The answer may turn out to be yes, according to the results of a new research study published in the August issue of the Journal of General Internal Medicine, especially if citizens have a chance to get together and talk about how coverage for the uninsured might affect them personally and society as a whole.
To explore whether the insured would help cover the uninsured, the research team based at the University of Michigan didn't turn to an opinion survey. Instead, they asked 322 insured people to play a board game that's a cross between Monopoly and the Game of Life, but with a focus on health and insurance.
Called CHAT, for Choosing Healthplans All Together, the game gives players a limited number of pegs (dollars) to allocate to many categories of insurance coverage, including funding to help the uninsured. Then, randomly drawn cards representing health problems and crises show players how the health plan they designed would work in the case of an illness or injury to themselves or others.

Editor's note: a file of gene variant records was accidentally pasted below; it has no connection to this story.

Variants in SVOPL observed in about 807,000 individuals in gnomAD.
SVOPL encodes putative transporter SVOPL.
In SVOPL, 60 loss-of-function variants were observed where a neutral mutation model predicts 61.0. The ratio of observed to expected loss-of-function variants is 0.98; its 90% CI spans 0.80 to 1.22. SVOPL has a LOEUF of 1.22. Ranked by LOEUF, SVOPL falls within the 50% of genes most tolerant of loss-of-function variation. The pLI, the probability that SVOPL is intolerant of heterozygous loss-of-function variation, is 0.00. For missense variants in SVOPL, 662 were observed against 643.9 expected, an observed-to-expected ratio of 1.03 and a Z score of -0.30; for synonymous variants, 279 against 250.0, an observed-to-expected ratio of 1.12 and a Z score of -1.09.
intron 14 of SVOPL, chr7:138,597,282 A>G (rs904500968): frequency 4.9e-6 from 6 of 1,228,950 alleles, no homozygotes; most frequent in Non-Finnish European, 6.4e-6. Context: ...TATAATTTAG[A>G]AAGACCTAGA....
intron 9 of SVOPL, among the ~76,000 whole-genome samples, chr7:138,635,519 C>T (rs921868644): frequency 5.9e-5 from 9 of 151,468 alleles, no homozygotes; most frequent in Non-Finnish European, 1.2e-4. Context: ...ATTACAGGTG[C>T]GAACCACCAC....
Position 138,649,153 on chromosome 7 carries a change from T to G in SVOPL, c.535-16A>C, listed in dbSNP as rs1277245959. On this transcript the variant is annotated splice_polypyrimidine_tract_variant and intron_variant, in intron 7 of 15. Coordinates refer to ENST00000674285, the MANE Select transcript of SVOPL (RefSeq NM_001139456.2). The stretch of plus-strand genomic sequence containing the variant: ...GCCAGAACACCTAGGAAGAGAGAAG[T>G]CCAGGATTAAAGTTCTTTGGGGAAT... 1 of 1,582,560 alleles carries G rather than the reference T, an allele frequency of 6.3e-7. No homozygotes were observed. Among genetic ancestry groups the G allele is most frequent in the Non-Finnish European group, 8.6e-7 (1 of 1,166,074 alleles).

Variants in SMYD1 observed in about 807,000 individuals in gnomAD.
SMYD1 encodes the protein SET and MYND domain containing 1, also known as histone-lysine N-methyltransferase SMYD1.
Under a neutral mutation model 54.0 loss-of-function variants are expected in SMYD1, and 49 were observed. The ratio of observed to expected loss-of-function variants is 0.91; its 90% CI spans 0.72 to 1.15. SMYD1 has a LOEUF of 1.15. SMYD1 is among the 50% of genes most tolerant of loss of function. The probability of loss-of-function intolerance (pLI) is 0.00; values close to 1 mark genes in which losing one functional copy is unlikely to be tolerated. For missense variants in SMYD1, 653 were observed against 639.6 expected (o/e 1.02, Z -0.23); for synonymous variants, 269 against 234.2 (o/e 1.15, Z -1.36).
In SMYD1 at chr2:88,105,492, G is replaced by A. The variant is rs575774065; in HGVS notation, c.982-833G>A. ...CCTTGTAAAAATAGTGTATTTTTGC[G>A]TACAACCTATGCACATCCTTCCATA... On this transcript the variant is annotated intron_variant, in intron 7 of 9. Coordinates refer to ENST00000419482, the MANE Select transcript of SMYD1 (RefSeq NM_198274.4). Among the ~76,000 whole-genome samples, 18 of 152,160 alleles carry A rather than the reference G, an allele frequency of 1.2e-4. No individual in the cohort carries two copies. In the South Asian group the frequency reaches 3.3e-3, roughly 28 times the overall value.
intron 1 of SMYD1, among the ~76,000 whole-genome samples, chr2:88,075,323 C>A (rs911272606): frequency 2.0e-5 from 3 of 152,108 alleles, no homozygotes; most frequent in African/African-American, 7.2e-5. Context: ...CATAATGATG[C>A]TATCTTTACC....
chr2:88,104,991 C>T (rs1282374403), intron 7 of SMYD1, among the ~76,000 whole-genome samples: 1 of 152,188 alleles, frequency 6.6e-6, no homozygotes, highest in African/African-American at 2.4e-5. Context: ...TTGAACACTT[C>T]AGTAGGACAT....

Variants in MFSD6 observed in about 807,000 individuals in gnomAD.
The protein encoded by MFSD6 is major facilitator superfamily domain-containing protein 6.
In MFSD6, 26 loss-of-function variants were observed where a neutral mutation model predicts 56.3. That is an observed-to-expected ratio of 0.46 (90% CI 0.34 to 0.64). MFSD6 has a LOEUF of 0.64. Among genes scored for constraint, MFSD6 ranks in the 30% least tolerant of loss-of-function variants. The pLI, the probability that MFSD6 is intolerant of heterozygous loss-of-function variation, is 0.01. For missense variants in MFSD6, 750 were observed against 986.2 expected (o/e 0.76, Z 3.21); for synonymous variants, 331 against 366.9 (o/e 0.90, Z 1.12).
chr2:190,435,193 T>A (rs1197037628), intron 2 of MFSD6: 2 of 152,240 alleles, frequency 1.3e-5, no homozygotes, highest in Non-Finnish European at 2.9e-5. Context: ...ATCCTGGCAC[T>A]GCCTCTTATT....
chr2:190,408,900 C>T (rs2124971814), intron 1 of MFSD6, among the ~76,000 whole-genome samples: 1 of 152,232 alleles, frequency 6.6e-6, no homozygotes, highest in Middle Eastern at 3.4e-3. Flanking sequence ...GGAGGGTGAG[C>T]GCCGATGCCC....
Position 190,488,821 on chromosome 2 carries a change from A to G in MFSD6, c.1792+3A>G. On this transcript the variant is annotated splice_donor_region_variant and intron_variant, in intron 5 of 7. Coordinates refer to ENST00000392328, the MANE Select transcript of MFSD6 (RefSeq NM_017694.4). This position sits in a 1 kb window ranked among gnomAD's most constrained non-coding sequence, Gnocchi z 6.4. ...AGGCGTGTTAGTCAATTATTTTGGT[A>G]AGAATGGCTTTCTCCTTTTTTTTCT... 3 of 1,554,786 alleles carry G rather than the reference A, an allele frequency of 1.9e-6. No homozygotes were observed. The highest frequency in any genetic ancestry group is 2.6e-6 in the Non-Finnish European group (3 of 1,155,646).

By watching what choices the 322 players made when they were designing health plans for themselves, and listening to the conversations the players had when they had to work together as a group to design a health plan for their community, the researchers saw and heard how players regarded coverage for the uninsured.
At the start of the game, just over half of the players said they'd use at least 4 percent of their own family's insurance spending to help fund insurance for the uninsured. The majority of them chose to cover only uninsured children.
When groups of eight to 15 players got together to design community-wide health plans, though, all of the groups elected to cover the uninsured in som
Contact: Kara Gavin
University of Michigan Health System